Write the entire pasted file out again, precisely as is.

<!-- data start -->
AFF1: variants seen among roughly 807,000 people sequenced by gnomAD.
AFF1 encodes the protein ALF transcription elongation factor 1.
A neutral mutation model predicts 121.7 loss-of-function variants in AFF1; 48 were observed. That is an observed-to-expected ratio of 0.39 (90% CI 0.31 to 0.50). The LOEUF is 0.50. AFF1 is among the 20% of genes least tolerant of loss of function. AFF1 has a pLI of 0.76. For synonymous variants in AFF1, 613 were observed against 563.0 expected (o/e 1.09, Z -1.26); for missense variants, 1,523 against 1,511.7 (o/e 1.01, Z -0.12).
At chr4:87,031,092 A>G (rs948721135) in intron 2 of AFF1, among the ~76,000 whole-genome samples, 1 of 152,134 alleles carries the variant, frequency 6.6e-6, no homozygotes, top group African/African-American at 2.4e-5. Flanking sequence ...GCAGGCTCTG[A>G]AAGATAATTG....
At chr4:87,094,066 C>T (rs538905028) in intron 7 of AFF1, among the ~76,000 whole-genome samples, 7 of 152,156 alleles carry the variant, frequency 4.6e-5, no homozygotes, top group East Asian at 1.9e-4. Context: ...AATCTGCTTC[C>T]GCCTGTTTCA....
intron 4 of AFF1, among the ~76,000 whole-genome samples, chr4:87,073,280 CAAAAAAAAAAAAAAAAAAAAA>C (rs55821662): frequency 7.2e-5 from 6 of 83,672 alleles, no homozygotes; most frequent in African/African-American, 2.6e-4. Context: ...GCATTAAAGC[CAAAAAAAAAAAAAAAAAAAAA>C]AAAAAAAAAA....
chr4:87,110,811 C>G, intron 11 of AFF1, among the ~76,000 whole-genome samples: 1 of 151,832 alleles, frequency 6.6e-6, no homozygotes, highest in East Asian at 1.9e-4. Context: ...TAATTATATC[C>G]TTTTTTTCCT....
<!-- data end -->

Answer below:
AFF1: variants seen among roughly 807,000 people sequenced by gnomAD.
AFF1 encodes the protein ALF transcription elongation factor 1.
A neutral mutation model predicts 121.7 loss-of-function variants in AFF1; 48 were observed. That is an observed-to-expected ratio of 0.39 (90% CI 0.31 to 0.50). The LOEUF is 0.50. AFF1 is among the 20% of genes least tolerant of loss of function. AFF1 has a pLI of 0.76. For synonymous variants in AFF1, 613 were observed against 563.0 expected (o/e 1.09, Z -1.26); for missense variants, 1,523 against 1,511.7 (o/e 1.01, Z -0.12).
At chr4:87,031,092 A>G (rs948721135) in intron 2 of AFF1, among the ~76,000 whole-genome samples, 1 of 152,134 alleles carries the variant, frequency 6.6e-6, no homozygotes, top group African/African-American at 2.4e-5. Flanking sequence ...GCAGGCTCTG[A>G]AAGATAATTG....
At chr4:87,094,066 C>T (rs538905028) in intron 7 of AFF1, among the ~76,000 whole-genome samples, 7 of 152,156 alleles carry the variant, frequency 4.6e-5, no homozygotes, top group East Asian at 1.9e-4. Context: ...AATCTGCTTC[C>T]GCCTGTTTCA....
intron 4 of AFF1, among the ~76,000 whole-genome samples, chr4:87,073,280 CAAAAAAAAAAAAAAAAAAAAA>C (rs55821662): frequency 7.2e-5 from 6 of 83,672 alleles, no homozygotes; most frequent in African/African-American, 2.6e-4. Context: ...GCATTAAAGC[CAAAAAAAAAAAAAAAAAAAAA>C]AAAAAAAAAA....
chr4:87,110,811 C>G, intron 11 of AFF1, among the ~76,000 whole-genome samples: 1 of 151,832 alleles, frequency 6.6e-6, no homozygotes, highest in East Asian at 1.9e-4. Context: ...TAATTATATC[C>G]TTTTTTTCCT....